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Gala Flamenca


by Kat Richter for The Dance Journal

Despite the threat of another winter storm, audiences flocked to the Merriam Theater for the highly anticipated Gala Flamenca on Sunday night. Coinciding with the start of Philadelphia’s 2014 Flamenco Festival, the performance featured a host of internationally acclaimed flamenco superstars including Antonio Canales, Carlos Rodriguez, Karmine Amaya (grandniece of the legendary Carmen Amaya) and Jesús Carmona.

Like many so-called “ethnic” dance forms, especially those with a percussive focus, flamenco finds itself at a crossroads: how to preserve the form’s legacy without risking stagnation?  How to appeal to new audiences and new generations without neglecting tradition?

In a solo danced to the customary Soleá por bulerías, Rodriguez answered these questions by infusing pure flamenco with a lyrical quality so emotionally that I wondered for a moment if I wasn’t watching So You Think You Can Dance.  That’s not to diminish Rodriquez’s talent—no stranger to classical technique, he pirouetted like Baryshnikov in White Nights and skimmed across the floor—only to say that his performance and his more contemporary take on the theme of love lost rendered the centuries old art form irresistibly appealing.

In a similar vein, Carmona’s duet, TrillA7, performed with dancer Lucía Campillo, ramped up the sexual tension.  It’s rare to see lifts in flamenco, or smiles and stag leaps for that matter, but TrillA7 contained all three as it grew from a stark juxtaposition of male and female silhouettes into a captivating new take on traditional partnering.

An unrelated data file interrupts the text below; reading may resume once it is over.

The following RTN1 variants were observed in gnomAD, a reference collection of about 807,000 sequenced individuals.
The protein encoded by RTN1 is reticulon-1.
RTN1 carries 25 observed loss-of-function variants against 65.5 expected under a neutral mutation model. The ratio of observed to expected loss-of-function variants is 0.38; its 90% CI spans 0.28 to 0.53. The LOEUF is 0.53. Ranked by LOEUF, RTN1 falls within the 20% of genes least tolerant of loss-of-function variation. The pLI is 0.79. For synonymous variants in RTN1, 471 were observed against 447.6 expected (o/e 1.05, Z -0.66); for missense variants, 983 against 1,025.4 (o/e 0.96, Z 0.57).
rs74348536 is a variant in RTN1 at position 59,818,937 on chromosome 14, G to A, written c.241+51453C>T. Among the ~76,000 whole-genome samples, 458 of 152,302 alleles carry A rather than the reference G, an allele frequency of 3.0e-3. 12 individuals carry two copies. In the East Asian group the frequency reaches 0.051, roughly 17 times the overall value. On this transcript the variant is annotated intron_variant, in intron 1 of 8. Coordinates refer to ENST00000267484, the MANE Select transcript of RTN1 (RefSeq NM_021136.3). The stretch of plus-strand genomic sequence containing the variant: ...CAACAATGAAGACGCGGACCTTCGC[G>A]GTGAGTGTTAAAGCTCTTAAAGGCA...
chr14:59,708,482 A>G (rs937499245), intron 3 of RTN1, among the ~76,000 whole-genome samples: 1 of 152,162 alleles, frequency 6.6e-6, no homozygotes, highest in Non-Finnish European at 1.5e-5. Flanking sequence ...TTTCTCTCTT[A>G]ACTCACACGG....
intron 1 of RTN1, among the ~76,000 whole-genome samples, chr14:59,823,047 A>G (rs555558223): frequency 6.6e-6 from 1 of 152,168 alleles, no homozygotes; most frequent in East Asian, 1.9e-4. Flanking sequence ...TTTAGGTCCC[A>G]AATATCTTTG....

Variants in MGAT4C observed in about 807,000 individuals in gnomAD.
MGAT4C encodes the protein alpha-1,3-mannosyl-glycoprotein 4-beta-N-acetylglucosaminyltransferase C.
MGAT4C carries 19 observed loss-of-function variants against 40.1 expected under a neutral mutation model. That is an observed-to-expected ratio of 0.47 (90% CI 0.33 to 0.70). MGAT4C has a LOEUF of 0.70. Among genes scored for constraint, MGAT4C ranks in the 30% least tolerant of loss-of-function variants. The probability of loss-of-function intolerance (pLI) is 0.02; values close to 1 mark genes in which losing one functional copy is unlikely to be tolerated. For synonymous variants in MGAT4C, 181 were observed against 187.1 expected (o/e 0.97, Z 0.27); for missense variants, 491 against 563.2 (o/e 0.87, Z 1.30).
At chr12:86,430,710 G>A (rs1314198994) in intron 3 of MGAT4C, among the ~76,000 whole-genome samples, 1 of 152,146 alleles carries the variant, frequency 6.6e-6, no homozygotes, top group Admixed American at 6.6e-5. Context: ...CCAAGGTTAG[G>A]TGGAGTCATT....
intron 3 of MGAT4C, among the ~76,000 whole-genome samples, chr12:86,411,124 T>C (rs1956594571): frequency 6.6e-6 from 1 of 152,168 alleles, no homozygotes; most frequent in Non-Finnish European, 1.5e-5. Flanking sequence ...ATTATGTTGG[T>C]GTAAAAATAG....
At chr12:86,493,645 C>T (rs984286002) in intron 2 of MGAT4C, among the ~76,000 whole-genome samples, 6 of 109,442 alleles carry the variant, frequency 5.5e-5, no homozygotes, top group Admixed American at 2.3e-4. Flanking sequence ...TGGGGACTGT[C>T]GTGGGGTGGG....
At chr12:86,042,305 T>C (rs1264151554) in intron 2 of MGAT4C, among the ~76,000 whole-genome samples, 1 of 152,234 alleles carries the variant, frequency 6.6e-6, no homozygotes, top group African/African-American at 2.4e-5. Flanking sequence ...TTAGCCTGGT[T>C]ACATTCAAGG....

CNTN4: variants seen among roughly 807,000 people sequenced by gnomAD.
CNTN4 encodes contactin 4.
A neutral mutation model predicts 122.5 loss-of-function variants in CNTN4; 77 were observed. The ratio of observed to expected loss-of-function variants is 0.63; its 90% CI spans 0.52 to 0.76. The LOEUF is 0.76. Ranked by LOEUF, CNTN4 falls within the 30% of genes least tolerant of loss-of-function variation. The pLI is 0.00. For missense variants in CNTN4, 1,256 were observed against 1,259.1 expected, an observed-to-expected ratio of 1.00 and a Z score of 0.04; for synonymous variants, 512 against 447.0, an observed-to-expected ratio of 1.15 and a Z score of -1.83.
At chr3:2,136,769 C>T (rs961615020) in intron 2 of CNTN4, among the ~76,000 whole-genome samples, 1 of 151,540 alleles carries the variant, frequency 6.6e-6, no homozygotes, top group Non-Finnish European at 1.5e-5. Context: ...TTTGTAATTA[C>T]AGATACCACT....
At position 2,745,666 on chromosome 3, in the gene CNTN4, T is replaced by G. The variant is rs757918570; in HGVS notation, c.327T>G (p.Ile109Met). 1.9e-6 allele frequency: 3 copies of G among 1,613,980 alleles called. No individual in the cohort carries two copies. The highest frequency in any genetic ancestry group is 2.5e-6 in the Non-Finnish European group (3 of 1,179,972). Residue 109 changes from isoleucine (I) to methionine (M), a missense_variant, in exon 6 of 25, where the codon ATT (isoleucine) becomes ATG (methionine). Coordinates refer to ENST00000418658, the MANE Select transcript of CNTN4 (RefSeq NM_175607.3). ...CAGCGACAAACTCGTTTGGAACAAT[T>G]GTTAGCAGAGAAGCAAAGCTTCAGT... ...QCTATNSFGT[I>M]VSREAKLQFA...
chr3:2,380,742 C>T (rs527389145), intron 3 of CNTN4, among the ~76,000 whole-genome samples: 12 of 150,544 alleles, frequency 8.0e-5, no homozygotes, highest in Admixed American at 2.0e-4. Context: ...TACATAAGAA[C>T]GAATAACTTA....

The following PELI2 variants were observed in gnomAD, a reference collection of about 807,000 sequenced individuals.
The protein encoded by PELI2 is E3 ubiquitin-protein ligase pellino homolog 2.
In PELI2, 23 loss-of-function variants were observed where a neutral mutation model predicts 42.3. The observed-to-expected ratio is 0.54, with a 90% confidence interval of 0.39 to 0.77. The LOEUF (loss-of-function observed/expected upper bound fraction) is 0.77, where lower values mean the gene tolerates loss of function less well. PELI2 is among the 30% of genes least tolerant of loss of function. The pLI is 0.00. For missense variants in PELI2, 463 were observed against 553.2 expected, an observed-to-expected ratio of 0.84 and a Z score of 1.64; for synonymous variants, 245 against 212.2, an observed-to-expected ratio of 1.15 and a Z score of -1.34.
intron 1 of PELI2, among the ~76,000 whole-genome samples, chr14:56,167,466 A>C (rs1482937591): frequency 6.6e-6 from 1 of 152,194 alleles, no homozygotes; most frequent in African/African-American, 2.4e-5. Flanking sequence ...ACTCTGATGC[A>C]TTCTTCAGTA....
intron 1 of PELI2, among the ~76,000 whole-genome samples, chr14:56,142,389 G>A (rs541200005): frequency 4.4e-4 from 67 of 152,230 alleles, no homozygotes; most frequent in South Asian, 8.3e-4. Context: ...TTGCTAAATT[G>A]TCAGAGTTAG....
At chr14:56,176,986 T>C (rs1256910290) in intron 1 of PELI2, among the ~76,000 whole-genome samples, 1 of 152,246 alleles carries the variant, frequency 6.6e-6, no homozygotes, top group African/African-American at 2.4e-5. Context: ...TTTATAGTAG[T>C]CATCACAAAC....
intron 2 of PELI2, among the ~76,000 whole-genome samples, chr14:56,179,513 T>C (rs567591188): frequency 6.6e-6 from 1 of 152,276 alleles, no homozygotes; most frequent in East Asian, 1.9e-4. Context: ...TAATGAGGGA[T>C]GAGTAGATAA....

A trio performed by Amaya, Campillo and dancer Carmen Coy, dressed in long red dresses with even longer trains, gave purists the fan work flamenco enthusiasts often expect, whereas Antonio Canales, the oldest and most seasoned of the soloists, provided a welcome counterpoint to the virtuosic footwork of his younger companions in Modernidad and Tangos de la Chumbera.

Nevertheless, it was Amaya’s and Carmona’s solos that garnered the greatest accolades.  Whereas Amaya showed pure skill, spotting the floor to add a beautiful curvilinear quality to her turns and hoisting up her long black and mocha colored gown to give audiences a closer look at her perfectly synchronized footwork, Carmona fused his impeccable technique with a charming, flirtatious performance quality.  In a beige suit, red cummerbund and matching red shoes, he alternated between lilting, figure skater-like turns and vibratory nerve taps, so intense that he somehow managed to pound clouds of dust out of the stage floor.

Rounding out the ensemble were singers Rocío Bazán, Antonio Campos and Ismael de la Rosa, guitarists Paco Cruz and Daniel Jurado, violinist Roman Gottwald and finally percussionist Miguel El Cheyenne.  The Philadelphia Flamenco Festival runs through March 16th with performances, film screenings, discussions and master classes taking place throughout the city.

- Kat Richter

Kat Richter is an award-winning columnist, freelance writer and professor of anthropology. She specializes in travel writing, dance criticism, personal essays, humor and relationship advice.

Her work has appeared in the Philadelphia Inquirer, the Baltimore Sun, Dance Magazine, Museum and Skirt! and she has been featured on Good Morning America, HuffPost Live and in Marie Claire Magazine.

Kat Richter is Co-founder of The Lady Hoofers, Philadelphia's only all-female rhythm tap company.

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